“Therefore, let anyone who thinks he stands take heed lest he fall.”
— I Corinthians 10:12
In the last six months half-a-dozen friends have fallen, including myself. We range in age from 30 to 80. Two of the “fallers” were due to medical conditions, three were carrying groceries, one was due to inattention. The results of those falls varied from a small cut, two compound fractures, facial injuries requiring a cosmetic surgeon and two hospitalizations.
Fear of falling is called basophobia and is common in varying degrees among humans. I can think of only two occasions of falling. One was my first and last experience cross-country skiing. The skier in front of me hollered, “If you get to going too fast, snowplow.” Not knowing what that meant, I figured it meant cover your eyes. The second was recently; after sweetly chiding some of the other fallers, I encountered a buckling sidewalk. I had asked the grocery-fallers, “Why didn’t you drop the groceries?” Now I know — there’s no time. You’re up, then you’re down.
Providentially, 25-year-old Sarah Barton Cregeen, an occupational therapy student, recently initiated a program on fall prevention for her grandmother’s (known as “Grangie”) Sunday School class. The statistics are sobering, but take heart, there are prevention strategies. This is what Sarah Barton shared:
Falls are the leading cause of injury and death among older adults. Falls are more common in women and increase with age. They occur most often in the home, usually the bedroom or bathroom. Every 11 seconds, an older adult is treated in the ER for a fall. Every 19 minutes, an older adult dies from a fall. About 800,000 patients a year are hospitalized for a fall. Falls are the leading cause of nursing home admissions. Yikes!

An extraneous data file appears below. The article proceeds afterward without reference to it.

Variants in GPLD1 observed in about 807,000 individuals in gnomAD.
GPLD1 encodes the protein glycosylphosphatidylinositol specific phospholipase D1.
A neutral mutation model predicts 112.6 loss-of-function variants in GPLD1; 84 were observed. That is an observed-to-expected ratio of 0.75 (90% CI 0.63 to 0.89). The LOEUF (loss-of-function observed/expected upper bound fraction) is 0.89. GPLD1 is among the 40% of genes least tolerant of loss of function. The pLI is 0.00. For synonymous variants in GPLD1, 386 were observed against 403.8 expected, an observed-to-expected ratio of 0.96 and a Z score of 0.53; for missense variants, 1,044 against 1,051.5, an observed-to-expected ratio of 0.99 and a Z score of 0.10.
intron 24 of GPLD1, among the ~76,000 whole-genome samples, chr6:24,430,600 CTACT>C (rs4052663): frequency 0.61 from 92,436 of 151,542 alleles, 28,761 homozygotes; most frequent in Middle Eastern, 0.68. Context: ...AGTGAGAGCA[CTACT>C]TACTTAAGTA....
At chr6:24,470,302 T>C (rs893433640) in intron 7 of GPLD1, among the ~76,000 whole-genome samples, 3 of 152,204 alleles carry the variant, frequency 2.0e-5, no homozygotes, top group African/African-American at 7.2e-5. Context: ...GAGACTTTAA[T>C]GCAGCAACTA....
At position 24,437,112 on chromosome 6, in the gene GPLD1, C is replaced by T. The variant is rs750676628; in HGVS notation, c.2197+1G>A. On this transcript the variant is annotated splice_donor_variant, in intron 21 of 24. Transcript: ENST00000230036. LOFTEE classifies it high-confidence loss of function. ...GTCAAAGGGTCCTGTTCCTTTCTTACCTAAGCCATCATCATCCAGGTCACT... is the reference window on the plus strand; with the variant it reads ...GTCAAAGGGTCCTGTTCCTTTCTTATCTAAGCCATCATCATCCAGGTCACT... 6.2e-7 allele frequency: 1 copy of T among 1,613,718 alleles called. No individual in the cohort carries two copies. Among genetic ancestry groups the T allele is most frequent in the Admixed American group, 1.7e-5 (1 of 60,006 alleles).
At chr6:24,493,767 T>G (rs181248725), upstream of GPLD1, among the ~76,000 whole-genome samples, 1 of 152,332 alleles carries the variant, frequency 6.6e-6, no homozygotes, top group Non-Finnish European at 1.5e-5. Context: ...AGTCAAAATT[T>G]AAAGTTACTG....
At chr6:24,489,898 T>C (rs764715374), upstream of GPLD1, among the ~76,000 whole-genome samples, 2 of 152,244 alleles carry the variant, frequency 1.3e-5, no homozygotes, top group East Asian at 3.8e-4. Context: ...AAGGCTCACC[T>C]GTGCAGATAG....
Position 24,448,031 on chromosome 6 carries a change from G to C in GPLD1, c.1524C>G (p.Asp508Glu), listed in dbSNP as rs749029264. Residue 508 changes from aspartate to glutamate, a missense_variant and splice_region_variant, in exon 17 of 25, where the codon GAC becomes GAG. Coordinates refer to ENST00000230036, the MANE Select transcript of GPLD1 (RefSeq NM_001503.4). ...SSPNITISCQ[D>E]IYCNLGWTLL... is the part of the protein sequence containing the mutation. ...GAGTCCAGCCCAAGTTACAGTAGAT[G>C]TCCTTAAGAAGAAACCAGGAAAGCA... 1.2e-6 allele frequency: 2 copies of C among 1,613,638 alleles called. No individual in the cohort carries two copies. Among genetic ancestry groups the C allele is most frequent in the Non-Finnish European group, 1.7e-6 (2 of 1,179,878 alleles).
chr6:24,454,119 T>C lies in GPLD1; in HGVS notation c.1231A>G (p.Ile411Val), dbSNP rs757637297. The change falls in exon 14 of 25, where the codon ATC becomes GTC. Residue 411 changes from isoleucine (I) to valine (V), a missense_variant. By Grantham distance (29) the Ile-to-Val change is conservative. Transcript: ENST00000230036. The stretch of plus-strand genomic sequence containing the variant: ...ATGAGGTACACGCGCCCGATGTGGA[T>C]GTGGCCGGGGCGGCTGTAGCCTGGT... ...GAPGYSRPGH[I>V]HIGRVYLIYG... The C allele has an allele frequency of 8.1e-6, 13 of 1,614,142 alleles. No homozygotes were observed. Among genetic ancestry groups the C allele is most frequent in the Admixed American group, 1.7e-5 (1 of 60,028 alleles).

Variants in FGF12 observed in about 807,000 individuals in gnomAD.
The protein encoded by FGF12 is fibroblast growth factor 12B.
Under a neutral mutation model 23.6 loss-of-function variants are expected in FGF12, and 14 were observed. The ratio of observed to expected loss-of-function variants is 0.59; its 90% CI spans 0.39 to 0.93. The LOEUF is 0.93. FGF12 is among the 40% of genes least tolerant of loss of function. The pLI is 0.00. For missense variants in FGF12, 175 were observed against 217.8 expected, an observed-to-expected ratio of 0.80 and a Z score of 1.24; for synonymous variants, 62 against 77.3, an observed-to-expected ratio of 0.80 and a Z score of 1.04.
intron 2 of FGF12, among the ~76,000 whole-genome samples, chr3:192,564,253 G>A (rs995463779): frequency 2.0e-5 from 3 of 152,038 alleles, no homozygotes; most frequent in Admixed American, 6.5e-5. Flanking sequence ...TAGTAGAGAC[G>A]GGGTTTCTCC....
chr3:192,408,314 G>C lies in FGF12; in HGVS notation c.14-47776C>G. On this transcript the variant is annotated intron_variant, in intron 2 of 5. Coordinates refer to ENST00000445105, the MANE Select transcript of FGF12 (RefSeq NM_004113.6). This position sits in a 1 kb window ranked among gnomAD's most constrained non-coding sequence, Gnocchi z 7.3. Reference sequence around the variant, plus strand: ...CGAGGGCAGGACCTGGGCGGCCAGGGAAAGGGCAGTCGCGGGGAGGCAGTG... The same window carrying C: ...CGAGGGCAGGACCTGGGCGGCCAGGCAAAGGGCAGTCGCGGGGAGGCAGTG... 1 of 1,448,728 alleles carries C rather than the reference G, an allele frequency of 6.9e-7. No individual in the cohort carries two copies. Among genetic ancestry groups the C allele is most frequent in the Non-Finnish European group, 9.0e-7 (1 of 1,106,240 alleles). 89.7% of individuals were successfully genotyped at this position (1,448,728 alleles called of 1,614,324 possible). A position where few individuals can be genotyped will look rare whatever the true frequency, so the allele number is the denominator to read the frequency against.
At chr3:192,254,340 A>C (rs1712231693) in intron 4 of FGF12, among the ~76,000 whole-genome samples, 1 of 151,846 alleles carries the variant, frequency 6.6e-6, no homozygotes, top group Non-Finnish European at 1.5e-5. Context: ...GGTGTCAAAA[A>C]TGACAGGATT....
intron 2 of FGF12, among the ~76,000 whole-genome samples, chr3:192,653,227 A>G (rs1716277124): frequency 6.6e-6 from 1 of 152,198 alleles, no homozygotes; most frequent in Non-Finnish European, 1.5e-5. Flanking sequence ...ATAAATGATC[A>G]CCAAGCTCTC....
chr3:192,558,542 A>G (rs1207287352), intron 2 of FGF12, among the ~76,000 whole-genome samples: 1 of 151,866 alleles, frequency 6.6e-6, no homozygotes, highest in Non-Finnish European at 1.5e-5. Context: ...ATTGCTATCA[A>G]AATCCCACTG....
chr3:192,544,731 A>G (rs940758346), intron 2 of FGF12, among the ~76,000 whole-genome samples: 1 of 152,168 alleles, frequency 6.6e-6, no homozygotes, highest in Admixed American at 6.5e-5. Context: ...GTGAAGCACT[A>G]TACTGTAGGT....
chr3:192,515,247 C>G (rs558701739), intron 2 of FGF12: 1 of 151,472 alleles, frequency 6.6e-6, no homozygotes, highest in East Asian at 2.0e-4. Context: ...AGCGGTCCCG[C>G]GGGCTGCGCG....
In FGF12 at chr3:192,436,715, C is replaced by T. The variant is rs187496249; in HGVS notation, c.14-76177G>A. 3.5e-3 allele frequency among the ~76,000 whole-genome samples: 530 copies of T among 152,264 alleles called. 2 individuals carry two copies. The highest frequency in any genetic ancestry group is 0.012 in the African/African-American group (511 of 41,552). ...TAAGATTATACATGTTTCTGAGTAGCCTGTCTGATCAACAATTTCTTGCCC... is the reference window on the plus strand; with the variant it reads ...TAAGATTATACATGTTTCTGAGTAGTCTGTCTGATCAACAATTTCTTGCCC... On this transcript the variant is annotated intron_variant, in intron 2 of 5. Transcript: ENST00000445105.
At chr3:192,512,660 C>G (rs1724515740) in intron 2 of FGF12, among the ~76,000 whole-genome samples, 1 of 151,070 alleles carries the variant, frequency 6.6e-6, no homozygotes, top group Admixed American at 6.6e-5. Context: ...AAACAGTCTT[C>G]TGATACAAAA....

The good news is, falling is not necessarily inevitable with aging, and there’s more you can do than just wearing sensible shoes, though that can be helpful. Research shows Vitamin D supplementation reduces falls. Keep moving to work on balance, exercise to build strength and flexibility, have your eyes checked regularly for vision impairment, review medications for side effects of falling. Have your blood pressure checked both while sitting and standing.
One of many benefits of decluttering is reducing fall risks. Outing the junk, while securing cords, removing scatter rugs and excess furniture in high traffic areas helps. Use nonslip mats and rugs. Good lighting in all areas is a must; use night lights, lamps, lighted switches, stairway lighting. Keep a flashlight handy, especially bedside. Arrange most-used items in convenient easy-to-reach places.
When caretaking my mother I quickly learned that if there is an assistive device — get it. That includes grab bars, raised toilet seats, shower seats, hand-held shower heads and hand rails. Sarah Barton’s suggestions include a reminder a towel bar is not a grab bar. As an occupational therapist student, she recommends three secure points of contact at all times — two feet and one hand, or two hands and one foot.
Sarah Barton, a New Hope High School and Mississippi State graduate, describes her career objectives: “I want to provide a lasting impact on my future patients by not only treating their body, but also treating their mind and soul.” No doubt she has, and she will.